\l A WALTER B S I M S f Philippine Island5 B and: Orchestra. no A lanky youth without a care." I l RO S ARIO S P NELLA palijima String Orchestra: Little Theatre 0 chestra; T ennis; So cce r: S a E:tball: Track. "Music hath charms to soothe a sa)age breast." i!>11,,,W M La f ; u 1 Service le ld 'id. wa s done as lIch ease, I n her alone 'twas natur a l to please:' V I LLA Panama. Spani.>h Club I'll t'What s weet delight a Quiet life afford s." DOROTHY WALSTON North Carolina. Science Club; Biolo g y Club; Astronomy Club. "Smooth runs the water where the brook i s deep. tJ '-f\LSERT W. SIMKA Canal Zon e Basketball. "Men cf f ew words a r e the best of men." ..c: ,u. lilA SOLE, BERGER -North Dakota ,,' Base-I came <-
PAGE 30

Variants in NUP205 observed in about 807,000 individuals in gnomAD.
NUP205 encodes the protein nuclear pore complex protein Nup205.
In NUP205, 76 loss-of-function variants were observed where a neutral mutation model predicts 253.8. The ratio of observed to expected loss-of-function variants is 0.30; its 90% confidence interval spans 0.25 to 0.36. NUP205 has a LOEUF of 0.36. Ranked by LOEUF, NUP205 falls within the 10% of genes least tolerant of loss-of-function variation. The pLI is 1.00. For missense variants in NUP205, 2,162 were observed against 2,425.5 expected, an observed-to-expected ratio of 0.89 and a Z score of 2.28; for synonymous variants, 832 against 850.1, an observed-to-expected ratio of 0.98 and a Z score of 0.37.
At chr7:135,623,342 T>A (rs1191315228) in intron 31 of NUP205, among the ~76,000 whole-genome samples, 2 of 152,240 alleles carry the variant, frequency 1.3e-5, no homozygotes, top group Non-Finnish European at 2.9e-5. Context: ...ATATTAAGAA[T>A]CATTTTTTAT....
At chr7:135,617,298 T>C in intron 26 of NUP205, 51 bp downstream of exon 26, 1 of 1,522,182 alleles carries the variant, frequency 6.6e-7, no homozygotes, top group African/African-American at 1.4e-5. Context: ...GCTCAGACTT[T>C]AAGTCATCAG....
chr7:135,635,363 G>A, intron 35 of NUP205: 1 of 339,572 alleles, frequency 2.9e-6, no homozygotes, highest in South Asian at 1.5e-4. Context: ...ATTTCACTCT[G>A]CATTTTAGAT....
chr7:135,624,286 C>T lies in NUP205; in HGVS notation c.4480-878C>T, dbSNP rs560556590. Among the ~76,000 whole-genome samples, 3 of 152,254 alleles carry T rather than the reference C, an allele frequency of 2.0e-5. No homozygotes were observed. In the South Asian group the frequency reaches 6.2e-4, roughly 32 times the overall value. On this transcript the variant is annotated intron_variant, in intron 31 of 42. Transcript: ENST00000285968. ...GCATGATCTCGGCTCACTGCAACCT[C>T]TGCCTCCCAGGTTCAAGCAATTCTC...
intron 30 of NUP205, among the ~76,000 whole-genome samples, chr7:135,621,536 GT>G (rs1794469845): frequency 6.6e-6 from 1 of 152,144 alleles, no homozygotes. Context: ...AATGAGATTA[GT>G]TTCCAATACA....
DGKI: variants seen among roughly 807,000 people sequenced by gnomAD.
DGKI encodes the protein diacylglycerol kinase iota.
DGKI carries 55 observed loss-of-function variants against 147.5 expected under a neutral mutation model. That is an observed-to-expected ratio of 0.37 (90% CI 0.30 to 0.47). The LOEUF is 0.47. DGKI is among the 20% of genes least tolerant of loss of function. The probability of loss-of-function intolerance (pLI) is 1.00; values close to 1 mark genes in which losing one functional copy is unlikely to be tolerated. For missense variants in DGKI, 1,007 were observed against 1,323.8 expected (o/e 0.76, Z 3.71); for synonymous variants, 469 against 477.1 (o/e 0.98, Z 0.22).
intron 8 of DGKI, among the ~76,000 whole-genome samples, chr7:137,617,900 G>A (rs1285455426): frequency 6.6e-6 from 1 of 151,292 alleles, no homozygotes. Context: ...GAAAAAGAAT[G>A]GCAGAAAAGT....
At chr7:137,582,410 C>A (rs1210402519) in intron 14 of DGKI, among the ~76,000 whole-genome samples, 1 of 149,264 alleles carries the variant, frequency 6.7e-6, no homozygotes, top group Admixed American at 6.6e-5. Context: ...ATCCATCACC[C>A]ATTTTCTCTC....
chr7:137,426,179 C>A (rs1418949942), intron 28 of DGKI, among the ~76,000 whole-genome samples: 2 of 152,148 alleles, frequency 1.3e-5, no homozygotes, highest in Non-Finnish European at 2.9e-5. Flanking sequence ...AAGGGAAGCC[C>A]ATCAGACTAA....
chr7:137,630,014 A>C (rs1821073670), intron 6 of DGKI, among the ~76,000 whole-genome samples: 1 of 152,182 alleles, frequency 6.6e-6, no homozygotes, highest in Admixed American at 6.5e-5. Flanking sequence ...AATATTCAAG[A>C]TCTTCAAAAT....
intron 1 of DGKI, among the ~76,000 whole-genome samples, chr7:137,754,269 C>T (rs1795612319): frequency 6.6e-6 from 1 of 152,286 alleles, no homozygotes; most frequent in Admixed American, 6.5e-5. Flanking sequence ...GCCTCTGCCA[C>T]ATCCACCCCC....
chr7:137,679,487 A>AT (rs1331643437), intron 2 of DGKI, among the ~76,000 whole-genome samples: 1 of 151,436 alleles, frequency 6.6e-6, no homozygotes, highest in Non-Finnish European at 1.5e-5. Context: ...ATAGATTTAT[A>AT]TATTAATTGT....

A L"B E R W EMPE Canal Zone "Once in a Blue Moon"; Glee Club; Swimming. Q.,. .. all thpp.. litHo Euilt along the flag p o l e plan!" S TANLEY N WHAL E R Canal Zone Basketball: Sc ience Club: ZONIAN "Handy J=mbs in a manly m old For sports and contests bold WILLIA M A. WORL E Y Jr. Texas t . B3s ketball ; Softba ll "When n i ght hath set h T s il ve r lamp on hig h Then is lQe time f e r tudy." MARTIN WEMPE Canal Zone Swimming: Softball; Glee Club; Tenni s. All the world's a c i rcus. " -,.J c..; "'7 EOu:.H A WIKRAN <.._ New York Cri.tobal H i g h School. Nor wastes her sweetness in the de sert air." .) .... .... WRIGHT Little Theatre; "Children o f t h e Moon ; "Cat 0' Nine T ails"; "Gold in 'Ihem Hills"; Directed "Red Carnations." "Oh! let me live m y own life, and die so too!" )J CATH ERINE ATKINSON Canada r,.l ",S (\ v A quaint preciS i o n rules her days." DWIGHT K S H URTLEFF, Jr. Pennsylvania Immaculata Hi g h School, Leavenworth. Kansas. 1 a m Sir Orac le, and when I ope m y liP5, let no dog bark." JOHN R U S SE LL TRETT M issouri Baseball; Tenni s. Softball. C leveland H ig h S chool, st. Louis, Missouri I like work: it fa scinates me I can sit and look at it for hours." dw ..,d .... v v/ \ ..,., ,," "., ...j